11. bosscogg

    bosscogg New Member

    Messages:
    11
    Location:
    So Cal
    Thanks for your interest, guys.

    I took a few pics and learned a couple things.


    First, the wires coming from the 40a breaker (lower left in pic) are in fact not #12, they're #6:

    Main Panel.jpg


    They feed through the lower left conduit to a pair of small boxes about 6' away. Was aware of these, but didn't think they were the sub panel(s) Reach4 suggested I find:

    Sub Boxes.jpg


    Had to chip through several layers of paint and mortar to open the right hand box, and found several splices inside. Not pretty, but all wires exiting the box appear to also be #6:

    Box Open.jpg


    It will take some heavier demo to pop the left hand box open, and will do so when I have a bit more time. Wires from the right box enter it, so need to see if that's where they reduce to #12. These boxes are on what was originally the back wall of the house, but a bedroom and bathroom were added years ago. Above these small boxes is a section of wall that has apparently been patched in a different texture pattern. Not too clear in the pic, but quite obvious in person. Perhaps the site of the original, or at least an earlier, main panel?

    Wall Repair.jpg


    Where the wires step down in size is still eluding me.
  12. jwelectric

    jwelectric Electrical Contractor/Instructor

    Messages:
    2,534
    Location:
    North Carolina
    At this point we know that the 40 amp breaker that is controlling the circuit has proper sized conductors. Now awaiting what you find in the other box
  13. jadnashua

    jadnashua Retired Defense Industry Engineer xxx

    Messages:
    21,990
    Location:
    New England
    EVERYTHING that that 40A breaker feeds should have wire capable of safely carrying 40A. Since you have 12g on some of the things controlled by that breaker, unless there's a subpanel somewhere and some more breakers, it is very wrong.
  14. Reach4

    Reach4 Active Member

    Messages:
    2,219
    Location:
    IL
    That is a tandem breaker. That is almost certainly feeding a sub-panel.
  15. hj

    hj Moderator & Master Plumber Staff Member

    Messages:
    26,607
    Location:
    Cave Creek, Arizona
    quote; installed by someone who didn't have a 20 amp at that moment.

    He probably wished they were plug fuses so he could use a penny instead.
  16. bosscogg

    bosscogg New Member

    Messages:
    11
    Location:
    So Cal
    Really appreciate the interest so far, guys. Have to head out of town for a couple days, but will jump on that other box first thing Sunday.
  17. bosscogg

    bosscogg New Member

    Messages:
    11
    Location:
    So Cal
    Finally had a chance to crack open that other box. Found a small fuse panel with one 30a fuse in place. The wires leaving the fuse appear to be #10, but I can't say for sure. Also, if I didn't mention it before, the right hand box has #6 wires exiting through the top that bypass the left fuse box altogether.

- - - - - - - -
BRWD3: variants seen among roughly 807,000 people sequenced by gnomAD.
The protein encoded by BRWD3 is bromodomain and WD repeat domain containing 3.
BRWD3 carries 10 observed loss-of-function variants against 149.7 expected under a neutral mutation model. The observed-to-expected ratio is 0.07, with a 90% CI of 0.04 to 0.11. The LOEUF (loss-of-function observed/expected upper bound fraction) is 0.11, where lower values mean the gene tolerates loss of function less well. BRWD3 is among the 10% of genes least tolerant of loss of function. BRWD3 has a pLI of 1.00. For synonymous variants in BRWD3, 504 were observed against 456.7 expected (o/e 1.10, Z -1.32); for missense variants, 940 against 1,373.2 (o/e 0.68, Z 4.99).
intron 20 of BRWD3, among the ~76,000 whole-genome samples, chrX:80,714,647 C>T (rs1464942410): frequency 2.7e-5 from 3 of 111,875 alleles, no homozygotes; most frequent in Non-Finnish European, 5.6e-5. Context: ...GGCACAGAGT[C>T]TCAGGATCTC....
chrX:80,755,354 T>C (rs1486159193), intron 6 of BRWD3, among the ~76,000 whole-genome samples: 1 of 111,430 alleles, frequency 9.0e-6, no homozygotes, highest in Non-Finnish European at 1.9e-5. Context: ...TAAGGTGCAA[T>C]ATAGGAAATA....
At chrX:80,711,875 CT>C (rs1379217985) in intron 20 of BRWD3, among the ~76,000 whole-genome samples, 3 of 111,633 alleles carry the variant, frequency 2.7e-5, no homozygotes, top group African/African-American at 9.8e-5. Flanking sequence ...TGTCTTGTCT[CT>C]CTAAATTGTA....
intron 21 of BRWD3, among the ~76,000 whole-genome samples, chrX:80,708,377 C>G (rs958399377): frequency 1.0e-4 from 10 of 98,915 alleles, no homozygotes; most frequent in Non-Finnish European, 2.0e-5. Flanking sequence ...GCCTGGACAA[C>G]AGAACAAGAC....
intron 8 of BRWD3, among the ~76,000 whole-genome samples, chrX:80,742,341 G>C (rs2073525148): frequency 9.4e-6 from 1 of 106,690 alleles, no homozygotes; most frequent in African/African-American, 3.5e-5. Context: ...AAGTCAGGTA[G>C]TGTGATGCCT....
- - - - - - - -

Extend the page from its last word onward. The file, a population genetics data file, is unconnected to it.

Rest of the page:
fusebox 1.JPG fusebox 2.JPG

    There doesn't appear to be another junction before the wires head up to the attic. I tried to track the wires once in the attic, but it's an absolute rat's nest of mixed types--knob and tube, metal conduit, older sheathed cable, and Romex. I now doubt I'll be able to find where (or if) the wires step down properly and safely to #12, so have to assume they're at least on that 30a fuse, or worse yet on that 40a breaker.

    We've never had a hint of electrical problems in our 9 years here, but this is obviously a bit worrisome. I'll be contacting a pro soon to get to the bottom of this thing.
  18. jadnashua

    jadnashua Retired Defense Industry Engineer xxx

    Messages:
    21,990
    Location:
    New England
    The only time you'd probably notice a problem is if the wire became overloaded and then started to overheat. Depending on your usage, that may not happen. It's still wrong, and potentially dangerous, and, should be fixed. Having a known fault gets messy with insurance and claims, and, whenever you want to sell the place.
  19. jwelectric

    jwelectric Electrical Contractor/Instructor

    Messages:
    2,534
    Location:
    North Carolina
    Now you are on the right track
  20. bosscogg

    bosscogg New Member

    Messages:
    11
    Location:
    So Cal
    I think you're exactly right (if this turns out to be an actual issue and I simply haven't missed something). We don't have many outlets in this old house, which is what that 40a breaker appears mainly to control...with the known exception of my current bath project. Most of our high-draw items are on dedicated circuits, which could explain why there hasn't been an issue. Yet.

    Yup, when I got a good look in the attic I realized this was a couple notches above my pay grade.

    As for my current bath project, I'd like to move forward in the meantime if possible. I plan to tap into the sub panel in the house, which is properly powered and has plenty of capacity. It is unaffected by the breaker in question, so I feel reasonably comfortable moving forward on that front. Referring to my original post and what I plan to run fixture-wise, am I better off installing a gfci breaker at the panel, or simply a gfci outlet in the bathroom itself? Both? I know there are myriad threads out there on bath wiring, but was hoping for a suggestion specific to this project if at all possible.